We thank the staff of the CNN Coordinating Centre for their tireless and diligent work in providing organizational support to the CNN. We also thank Ruth Warre of the Maternal-Infant Care Research Centre at Mount Sinai Hospital, Toronto, Ontario, Canada, for her editorial assistance with this article.
- Accepted September 1, 2015.
- Address correspondence to Prakesh S. Shah, Professor of Paediatrics, Mount Sinai Hospital, 19-231, 600 University Ave, Toronto, Ontario, Canada M5G 1X5. E-mail:
Dr Shalabi developed the study protocol, data collection sheet, and initial manuscript; Dr Adel reviewed and edited the study protocol and manuscript; Mr Yoon reviewed the collected data and did the statistical analysis; Drs Aziz and Lee contributed to study design, reviewed results, and edited the manuscript; Dr Shah conceived the idea, reviewed and edited the study protocol, supervised study analyses, and reviewed and edited the manuscript; and all authors approved the final manuscript as submitted.
FINANCIAL DISCLOSURE: The authors have indicated they have no financial relationships relevant to this article to disclose.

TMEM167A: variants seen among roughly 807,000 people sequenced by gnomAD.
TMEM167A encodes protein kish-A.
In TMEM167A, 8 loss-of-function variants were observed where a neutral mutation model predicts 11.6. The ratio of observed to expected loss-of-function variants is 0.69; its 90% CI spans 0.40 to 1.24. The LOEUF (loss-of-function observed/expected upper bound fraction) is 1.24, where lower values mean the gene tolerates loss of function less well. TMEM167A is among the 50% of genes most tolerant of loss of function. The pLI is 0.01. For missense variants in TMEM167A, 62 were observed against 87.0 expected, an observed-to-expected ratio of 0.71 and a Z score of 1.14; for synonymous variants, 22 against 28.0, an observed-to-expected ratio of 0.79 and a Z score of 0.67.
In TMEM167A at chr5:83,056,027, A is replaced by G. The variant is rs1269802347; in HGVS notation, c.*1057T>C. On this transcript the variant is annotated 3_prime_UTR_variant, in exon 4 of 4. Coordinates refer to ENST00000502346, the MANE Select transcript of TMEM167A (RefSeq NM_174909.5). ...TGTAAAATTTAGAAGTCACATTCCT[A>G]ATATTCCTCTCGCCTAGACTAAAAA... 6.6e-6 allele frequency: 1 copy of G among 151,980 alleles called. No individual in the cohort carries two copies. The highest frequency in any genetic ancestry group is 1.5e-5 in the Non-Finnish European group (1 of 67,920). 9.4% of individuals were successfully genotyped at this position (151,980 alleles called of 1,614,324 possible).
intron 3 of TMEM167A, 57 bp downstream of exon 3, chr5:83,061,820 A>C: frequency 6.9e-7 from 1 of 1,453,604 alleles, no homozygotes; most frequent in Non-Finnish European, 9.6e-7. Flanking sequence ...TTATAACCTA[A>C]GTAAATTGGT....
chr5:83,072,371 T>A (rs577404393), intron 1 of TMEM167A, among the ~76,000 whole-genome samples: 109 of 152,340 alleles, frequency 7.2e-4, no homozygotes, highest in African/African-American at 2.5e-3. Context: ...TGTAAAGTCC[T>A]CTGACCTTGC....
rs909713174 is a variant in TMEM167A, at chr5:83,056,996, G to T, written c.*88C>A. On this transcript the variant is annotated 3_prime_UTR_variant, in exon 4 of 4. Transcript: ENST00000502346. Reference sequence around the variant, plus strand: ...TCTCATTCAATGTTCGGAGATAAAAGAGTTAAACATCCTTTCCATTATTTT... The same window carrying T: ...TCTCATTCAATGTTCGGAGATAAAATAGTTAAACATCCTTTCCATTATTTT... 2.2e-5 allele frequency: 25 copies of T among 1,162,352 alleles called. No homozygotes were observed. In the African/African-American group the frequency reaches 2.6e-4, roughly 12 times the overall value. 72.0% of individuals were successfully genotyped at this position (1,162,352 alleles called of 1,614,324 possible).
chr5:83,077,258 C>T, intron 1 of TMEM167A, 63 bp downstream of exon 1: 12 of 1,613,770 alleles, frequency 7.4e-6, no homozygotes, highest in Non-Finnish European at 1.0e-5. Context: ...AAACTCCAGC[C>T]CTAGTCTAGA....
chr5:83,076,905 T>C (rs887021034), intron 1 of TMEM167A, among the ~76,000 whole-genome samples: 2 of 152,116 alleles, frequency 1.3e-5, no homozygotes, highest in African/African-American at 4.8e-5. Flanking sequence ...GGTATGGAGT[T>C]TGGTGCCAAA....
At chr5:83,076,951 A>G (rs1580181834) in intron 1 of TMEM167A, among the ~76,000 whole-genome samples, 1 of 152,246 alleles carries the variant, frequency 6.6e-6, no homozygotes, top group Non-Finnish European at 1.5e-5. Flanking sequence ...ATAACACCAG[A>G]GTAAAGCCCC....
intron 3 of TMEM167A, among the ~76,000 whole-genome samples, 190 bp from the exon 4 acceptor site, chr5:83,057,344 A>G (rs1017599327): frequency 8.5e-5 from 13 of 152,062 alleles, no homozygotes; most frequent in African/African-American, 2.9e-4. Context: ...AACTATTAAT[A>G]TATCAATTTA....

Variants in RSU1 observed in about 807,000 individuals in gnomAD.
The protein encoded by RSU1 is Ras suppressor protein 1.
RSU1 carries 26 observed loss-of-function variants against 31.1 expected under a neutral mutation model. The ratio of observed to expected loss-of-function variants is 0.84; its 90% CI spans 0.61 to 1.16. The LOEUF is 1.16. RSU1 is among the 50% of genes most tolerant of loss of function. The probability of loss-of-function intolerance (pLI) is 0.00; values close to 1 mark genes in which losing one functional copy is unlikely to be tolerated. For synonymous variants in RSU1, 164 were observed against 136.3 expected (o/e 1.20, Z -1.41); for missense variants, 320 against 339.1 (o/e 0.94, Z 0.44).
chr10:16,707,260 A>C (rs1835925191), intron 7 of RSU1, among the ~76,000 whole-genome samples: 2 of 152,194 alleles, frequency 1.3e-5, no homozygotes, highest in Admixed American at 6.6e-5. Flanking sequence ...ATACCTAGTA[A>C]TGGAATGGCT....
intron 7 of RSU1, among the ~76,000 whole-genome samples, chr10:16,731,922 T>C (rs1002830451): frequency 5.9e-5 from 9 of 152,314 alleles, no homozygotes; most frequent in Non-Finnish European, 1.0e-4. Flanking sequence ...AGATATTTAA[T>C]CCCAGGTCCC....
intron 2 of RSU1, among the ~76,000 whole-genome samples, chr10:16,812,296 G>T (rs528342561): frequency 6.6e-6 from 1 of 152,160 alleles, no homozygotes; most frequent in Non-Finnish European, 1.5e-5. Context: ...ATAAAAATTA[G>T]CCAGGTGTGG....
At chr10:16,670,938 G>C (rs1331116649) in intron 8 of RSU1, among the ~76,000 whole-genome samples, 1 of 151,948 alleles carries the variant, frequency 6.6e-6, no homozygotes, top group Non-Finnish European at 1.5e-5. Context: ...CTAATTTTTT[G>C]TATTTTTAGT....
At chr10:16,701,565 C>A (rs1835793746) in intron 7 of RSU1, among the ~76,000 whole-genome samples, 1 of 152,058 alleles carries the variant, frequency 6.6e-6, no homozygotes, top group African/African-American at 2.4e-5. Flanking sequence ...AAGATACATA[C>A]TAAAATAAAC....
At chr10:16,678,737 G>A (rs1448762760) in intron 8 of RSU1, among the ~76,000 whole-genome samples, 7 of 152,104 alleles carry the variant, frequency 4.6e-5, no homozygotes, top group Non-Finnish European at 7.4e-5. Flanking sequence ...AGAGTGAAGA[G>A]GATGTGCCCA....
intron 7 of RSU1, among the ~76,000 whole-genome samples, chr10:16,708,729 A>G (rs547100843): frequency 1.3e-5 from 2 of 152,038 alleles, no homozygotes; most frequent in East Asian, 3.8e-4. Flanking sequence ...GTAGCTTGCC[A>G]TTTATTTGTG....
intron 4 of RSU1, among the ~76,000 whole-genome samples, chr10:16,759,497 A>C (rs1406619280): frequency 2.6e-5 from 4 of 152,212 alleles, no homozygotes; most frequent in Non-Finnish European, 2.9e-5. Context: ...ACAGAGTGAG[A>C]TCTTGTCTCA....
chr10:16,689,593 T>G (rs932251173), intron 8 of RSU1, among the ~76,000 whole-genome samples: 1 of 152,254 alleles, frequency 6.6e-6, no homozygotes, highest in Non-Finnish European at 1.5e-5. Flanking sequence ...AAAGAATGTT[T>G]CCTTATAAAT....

FUNDING: Although no funding was received specifically for this study, the Canadian Neonatal Network (CNN) received organizational support from the CNN Coordinating Centre, which is based at the Maternal-Infant Care Research Centre (MiCare) at Mount Sinai Hospital, Toronto, Ontario, Canada. MiCare is supported by funding from the Canadian Institutes of Health Research and Mount Sinai Hospital, Toronto. Dr Shah is supported by an Applied Research Chair in Reproductive and Child Health Services and Policy Research funded by the Canadian Institutes of Health Research.
POTENTIAL CONFLICT OF INTEREST: The authors have indicated they have no potential conflicts of interest to disclose.
- Duerksen DR,
- Papineau N,
- Siemens J,
- Yaffe C
- Loughran SC,
- Borzatta M
- Sengupta A,
- Lehmann C,
- Diener-West M,
- Perl TM,
- Milstone AM
- ↵Canadian Neonatal Network. Abstractor’s Manual, version 2.1.2. Available at: www.canadianneonatalnetwork.org/portal/CNNHome/Publications.aspx. Accessed June 20, 2014
- Lee SK,
- McMillan DD,
- Ohlsson A, et al
- Butler-O’Hara M,
- Buzzard CJ,
- Reubens L,
- McDermott MP,
- DiGrazio W,
- D’Angio CT
- Copyright © 2015 by the American Academy of Pediatrics